I have seen one of these set up with a Fox 40 (reduced to 7" of travel) and a low stack height, and built as a kind of light-duty dh bike, and the thing looked like it would RIP. Based on my HD (with a Talas 180) and how well it descends already, I can't imagine how fun a setup like that would be.
  • + 1
 @SpicyMike: that's pretty much what I was thinking...they've clearly made ONE bike that can do nerly everything... SOME companies have 10 bikes that can "kind of" do one thing well... I say Ibis is onto something. Maybe make an 8" version of the Mojo with a little lower standover, but they've NAILED the recipet for a killer bike so why dilute the gene pool and take away from the focus of making the Mojo what it is: A total ripper for everything BUT maybe full on DH racing...

@ScottRallye: I would LOVE to have seen that...sounds like one hell of a bike aye. PLus one fork swap and youve got the same killer "AM machine" you started out with... I'm not at all interested in Ibis's other bikes, but the Mojo HD sure has me smitten aye.
  • + 1
 Seriously, I mean it already is specced for a 180mm fork which infers to some light DH capability. If I were them, just saying for a DH version, I would just increase the rear travel either by making the links larger (expanding the frame) or retrofit some kind of extension on the top link. Then just add 1mm of extra CF inside and out on the general stress points.
  • + 2
 I think its pretty rad of Ibis to suggest other companys' DH bikes rather than just say, get the HD and be happy with that.
  • + 1
 @six66: Where has Ibis done this??? Not questioning your statement, just really interested in that little tidbit aye. Were they recomneding any specific bike or just to "Look to another company for a full-on DH bike" kind of thing???
  • + 2
 THey reccomended the giant glory or the pivot pheonix.
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  • + 7
 About the seat post: it's not a LEV on the pics but another model from KS. Popularly priced??? Dunno for the US but in Switzerland the KS LEV's more expensive than a RS Reverb 8-(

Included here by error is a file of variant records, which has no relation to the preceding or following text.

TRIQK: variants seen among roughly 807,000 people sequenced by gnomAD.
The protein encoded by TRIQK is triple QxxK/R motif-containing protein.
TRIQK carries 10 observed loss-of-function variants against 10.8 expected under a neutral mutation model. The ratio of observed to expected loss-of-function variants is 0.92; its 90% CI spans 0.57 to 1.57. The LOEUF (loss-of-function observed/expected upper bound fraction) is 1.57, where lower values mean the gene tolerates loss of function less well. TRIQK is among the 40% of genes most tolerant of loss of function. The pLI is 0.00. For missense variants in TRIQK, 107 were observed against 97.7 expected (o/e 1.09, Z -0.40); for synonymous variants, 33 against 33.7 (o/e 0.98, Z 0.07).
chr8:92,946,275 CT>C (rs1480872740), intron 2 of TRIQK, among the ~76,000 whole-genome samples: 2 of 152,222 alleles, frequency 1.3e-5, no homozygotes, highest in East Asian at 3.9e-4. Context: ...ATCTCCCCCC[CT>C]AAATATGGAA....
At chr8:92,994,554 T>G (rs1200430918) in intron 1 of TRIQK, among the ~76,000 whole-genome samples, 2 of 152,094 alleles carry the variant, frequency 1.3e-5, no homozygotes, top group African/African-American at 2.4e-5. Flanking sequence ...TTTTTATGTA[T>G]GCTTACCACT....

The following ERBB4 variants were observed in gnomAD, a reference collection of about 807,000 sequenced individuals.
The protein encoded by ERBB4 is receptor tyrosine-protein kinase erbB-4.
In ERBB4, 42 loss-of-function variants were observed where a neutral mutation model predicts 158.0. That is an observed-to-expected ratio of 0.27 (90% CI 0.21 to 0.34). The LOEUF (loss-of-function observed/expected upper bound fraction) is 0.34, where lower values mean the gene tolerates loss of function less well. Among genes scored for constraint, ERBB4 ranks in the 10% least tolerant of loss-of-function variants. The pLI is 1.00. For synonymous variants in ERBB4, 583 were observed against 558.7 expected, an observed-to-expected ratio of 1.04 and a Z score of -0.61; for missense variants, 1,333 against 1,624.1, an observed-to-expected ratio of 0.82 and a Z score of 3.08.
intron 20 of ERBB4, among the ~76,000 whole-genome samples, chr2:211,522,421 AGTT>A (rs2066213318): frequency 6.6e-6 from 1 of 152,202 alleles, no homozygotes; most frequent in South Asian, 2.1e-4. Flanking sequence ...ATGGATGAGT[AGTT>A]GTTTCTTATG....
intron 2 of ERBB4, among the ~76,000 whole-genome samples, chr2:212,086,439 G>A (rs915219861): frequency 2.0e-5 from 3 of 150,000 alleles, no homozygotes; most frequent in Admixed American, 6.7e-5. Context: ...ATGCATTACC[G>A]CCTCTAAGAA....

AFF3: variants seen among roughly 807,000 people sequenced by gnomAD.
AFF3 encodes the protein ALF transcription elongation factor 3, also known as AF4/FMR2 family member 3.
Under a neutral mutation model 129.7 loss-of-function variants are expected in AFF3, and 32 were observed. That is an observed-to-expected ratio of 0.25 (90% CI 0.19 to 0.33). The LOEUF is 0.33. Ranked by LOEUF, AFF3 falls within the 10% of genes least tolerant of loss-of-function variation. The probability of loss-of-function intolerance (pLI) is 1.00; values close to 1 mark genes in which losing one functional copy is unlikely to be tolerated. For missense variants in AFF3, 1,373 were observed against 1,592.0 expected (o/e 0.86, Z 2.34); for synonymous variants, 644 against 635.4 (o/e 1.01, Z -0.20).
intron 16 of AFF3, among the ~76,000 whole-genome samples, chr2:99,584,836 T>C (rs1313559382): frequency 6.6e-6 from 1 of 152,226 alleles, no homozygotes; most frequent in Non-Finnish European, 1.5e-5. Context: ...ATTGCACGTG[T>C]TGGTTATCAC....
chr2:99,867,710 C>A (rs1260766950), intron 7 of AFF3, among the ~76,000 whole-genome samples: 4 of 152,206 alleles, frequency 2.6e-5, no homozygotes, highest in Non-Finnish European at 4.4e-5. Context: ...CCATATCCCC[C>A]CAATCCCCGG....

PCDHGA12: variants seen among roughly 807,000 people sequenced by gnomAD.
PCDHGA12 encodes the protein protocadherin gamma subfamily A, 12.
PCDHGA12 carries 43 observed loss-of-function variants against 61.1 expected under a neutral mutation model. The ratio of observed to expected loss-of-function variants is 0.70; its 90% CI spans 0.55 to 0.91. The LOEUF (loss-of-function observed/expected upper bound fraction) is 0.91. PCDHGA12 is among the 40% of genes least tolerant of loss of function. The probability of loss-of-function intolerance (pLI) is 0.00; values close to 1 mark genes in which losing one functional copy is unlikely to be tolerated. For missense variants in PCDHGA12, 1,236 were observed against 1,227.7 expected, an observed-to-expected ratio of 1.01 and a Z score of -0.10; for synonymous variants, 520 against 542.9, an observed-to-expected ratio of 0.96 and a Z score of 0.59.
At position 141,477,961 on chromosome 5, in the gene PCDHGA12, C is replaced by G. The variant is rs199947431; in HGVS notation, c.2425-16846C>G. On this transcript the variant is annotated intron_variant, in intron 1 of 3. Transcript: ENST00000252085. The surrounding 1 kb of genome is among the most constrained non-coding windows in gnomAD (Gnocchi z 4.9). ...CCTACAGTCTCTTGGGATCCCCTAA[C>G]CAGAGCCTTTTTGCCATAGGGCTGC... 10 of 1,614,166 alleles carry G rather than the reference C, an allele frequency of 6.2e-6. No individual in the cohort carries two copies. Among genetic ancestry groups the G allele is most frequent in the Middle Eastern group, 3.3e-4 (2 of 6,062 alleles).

• + 3
 That was the first thing I noticed (being a LEV owner).
The LEV has a bottom clamp, not a top (moving) clamp like the one pictured.
My LEV has been problem free since I bought it.
  • + 1
 my lev has cable issues all the time
  • + 7
 ...I like my reverb.....
  • + 1
 Think it says right off in the review that they spec'd the Supernatural versus the "usual LEV"... I've heard nothing but praise for the LEV so it sounds like they sort of shot themselves in the foot spec'ing the SN aye. KS's own site says somethign to the tune of "we know we make the most expensive post on the market..." so it's not like they're hiding the price of their gear I will say though that they have the WIDEST line of droper posts I've ever seen from a company (their Hybrid Coil/Air shock is kind intreaguing too aye...) IF the quality and longevity were there across the board they'd be unstopable, but it appears tht the LEV is their priciest for a reason. The Old 950i is the only one I've had any exp. with and it wasn't great... being in the market for a new build over the winter though, I'm really looking hard at the LEV (I really like the sleek look of their remote lever -vs- the reverb's "waiting to have your knee break it off" plunger... although I hear the Reverb is the elephants danglies aye so I might have to try it... I'm still used to the "non-remote" versions anyway)

EDIT: NM, RC corrected the model name at some point...
  • + 1
 its weird they didn't give RC the usual spec for the review, anybody know why? reviewers aren't people you cheap out on...
  • + 1
 RC replied to someone's post that he got a "build suggested to him by another rider..." (something to that effect) and that's why the drivetrin was as it was... Maybe that's the reason fo the post change too??? I know I wouldn't own one of these bikes and run a tripple ring (hell I haven't ridden anything more then 2 rngs - and mostly just ONE- in over ten years), I'd have it set-up as a 1x10-11 personaly. Maybe a 2x now that they've really stepped up the design of the two ring guides (still hate Front Der.s/shifters though... SO used to not having much on that left side fo the bars aye Wink It just seems so strange now days to have to mess with a shifter on the left side... With as light as this bike is and as truly "do it all" as it can be built for long travel and all, a Hammerschmidt would be sweet... No front Der's to have interfere with the linkage and what not (course the HS seems to be a "love hate thing" and I've never ridden one so maybe I WOULDN'T want one but on paper it sure seems like THE answer... Or a Gear-box Smile !!!!!
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  • + 5
 This bike is a weapon! Got one in the spring, came off a Iron Horse 6 point 6. The more I ride the more I love it, worth every penny! I now ride further and more frequently, no other bike has done that for me. I ride it mainly CC, but taken it thru the DH park many times, and actually preferred it over my Sunday for it's snappy agile prowess. Life changer. Been riding mountain bike since '88
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  • + 4